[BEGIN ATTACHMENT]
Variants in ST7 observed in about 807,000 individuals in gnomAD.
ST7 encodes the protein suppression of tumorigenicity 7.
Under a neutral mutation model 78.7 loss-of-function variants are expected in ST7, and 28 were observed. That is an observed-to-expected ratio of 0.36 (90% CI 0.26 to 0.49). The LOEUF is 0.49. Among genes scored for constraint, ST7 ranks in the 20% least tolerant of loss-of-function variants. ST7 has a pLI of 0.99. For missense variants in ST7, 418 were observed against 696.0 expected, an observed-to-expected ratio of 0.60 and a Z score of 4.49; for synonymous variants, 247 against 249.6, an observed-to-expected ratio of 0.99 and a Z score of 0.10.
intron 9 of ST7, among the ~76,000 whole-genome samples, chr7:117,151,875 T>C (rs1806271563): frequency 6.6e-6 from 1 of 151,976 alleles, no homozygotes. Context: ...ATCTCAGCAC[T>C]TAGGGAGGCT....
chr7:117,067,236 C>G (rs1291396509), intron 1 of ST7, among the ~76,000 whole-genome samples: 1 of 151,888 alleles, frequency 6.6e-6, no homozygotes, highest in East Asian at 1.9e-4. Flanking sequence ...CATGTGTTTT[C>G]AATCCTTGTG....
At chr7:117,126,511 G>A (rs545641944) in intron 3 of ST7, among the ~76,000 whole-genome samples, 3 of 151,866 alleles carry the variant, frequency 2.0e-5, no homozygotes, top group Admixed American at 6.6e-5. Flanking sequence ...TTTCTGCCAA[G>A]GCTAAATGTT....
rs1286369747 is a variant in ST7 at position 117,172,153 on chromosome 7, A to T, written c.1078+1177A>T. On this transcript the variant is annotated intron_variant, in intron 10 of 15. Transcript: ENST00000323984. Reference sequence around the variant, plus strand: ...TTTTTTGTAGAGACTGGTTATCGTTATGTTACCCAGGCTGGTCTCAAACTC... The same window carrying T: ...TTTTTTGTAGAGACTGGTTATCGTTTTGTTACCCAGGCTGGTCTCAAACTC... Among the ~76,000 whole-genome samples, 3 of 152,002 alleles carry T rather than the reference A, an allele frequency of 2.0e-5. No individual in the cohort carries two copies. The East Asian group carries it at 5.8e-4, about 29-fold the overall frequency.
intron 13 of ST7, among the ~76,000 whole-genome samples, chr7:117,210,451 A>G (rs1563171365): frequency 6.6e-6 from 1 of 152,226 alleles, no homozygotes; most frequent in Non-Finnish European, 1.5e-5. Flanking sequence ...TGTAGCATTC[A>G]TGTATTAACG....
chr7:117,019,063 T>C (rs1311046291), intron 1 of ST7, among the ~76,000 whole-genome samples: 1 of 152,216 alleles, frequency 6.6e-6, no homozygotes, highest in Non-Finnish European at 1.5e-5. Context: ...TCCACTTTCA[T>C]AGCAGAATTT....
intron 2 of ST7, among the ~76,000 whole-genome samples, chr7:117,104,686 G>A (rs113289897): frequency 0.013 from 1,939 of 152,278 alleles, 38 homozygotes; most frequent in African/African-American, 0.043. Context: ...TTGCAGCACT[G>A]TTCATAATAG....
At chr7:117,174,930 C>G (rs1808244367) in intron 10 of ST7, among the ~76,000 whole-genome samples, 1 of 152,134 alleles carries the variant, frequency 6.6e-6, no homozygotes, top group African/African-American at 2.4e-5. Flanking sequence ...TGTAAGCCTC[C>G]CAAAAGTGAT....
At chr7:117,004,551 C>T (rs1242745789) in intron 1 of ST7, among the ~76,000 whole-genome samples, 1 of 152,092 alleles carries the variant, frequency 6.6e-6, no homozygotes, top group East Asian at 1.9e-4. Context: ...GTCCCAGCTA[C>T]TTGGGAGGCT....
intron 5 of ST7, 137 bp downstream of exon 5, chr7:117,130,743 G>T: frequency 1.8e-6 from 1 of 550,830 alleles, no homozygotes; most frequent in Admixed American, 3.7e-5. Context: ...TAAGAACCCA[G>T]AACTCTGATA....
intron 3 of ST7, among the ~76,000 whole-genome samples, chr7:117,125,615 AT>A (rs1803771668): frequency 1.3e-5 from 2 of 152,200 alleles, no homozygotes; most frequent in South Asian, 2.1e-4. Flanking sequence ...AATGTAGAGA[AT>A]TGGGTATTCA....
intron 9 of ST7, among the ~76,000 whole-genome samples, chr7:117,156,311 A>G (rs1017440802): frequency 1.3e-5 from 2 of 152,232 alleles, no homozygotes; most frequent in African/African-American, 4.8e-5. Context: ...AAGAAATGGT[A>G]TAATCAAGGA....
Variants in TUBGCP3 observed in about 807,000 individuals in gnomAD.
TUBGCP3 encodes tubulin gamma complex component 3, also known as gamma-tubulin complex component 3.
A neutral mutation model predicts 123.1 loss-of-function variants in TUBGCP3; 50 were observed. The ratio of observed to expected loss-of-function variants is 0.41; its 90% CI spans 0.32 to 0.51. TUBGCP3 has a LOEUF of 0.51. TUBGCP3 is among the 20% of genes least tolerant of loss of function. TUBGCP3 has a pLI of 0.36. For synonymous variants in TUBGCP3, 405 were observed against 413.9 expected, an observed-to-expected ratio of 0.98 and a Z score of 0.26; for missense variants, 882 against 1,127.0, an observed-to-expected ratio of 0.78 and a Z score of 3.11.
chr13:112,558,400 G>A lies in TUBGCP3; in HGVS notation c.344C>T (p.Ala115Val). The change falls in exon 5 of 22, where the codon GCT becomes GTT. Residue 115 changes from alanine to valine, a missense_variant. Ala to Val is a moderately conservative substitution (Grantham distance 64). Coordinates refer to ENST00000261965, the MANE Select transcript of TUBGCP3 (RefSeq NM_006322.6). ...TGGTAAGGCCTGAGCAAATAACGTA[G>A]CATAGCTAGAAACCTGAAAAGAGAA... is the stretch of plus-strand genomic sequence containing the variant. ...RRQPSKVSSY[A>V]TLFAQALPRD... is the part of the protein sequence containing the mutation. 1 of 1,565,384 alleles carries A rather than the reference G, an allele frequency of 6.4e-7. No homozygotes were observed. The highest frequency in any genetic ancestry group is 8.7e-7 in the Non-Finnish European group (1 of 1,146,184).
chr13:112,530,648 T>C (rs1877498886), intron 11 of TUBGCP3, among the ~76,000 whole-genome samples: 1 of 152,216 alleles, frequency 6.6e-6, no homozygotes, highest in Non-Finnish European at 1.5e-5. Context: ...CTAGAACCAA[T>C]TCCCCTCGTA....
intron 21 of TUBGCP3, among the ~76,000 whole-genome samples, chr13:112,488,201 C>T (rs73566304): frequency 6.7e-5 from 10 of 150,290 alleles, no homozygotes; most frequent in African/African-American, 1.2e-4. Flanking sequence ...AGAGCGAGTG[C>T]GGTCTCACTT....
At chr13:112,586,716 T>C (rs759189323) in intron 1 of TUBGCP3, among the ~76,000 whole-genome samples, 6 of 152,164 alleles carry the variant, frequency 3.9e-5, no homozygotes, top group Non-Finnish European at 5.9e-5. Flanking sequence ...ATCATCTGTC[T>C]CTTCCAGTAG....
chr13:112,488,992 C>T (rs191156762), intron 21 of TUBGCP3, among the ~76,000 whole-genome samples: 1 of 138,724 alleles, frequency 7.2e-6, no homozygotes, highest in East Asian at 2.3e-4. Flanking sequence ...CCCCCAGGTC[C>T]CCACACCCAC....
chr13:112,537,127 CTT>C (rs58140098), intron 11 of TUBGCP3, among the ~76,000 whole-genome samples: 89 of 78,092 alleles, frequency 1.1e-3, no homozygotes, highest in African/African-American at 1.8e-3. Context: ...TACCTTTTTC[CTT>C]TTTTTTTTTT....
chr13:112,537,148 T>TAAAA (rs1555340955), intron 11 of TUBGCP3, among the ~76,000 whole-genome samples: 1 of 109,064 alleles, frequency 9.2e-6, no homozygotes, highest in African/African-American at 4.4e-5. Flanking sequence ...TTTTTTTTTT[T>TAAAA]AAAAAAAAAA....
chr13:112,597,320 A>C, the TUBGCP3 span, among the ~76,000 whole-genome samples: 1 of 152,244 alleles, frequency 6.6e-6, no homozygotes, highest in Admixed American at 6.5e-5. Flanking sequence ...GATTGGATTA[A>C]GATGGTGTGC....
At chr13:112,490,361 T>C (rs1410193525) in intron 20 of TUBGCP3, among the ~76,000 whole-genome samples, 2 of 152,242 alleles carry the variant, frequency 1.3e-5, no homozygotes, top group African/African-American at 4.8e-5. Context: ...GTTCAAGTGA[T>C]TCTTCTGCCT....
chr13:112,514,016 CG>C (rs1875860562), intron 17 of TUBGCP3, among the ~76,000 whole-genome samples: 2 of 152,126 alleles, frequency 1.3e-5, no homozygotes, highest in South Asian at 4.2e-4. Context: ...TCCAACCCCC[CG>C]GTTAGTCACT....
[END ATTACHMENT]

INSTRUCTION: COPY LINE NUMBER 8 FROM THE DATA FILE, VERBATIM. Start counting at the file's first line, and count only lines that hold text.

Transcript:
intron 13 of ST7, among the ~76,000 whole-genome samples, chr7:117,210,451 A>G (rs1563171365): frequency 6.6e-6 from 1 of 152,226 alleles, no homozygotes; most frequent in Non-Finnish European, 1.5e-5. Flanking sequence ...TGTAGCATTC[A>G]TGTATTAACG....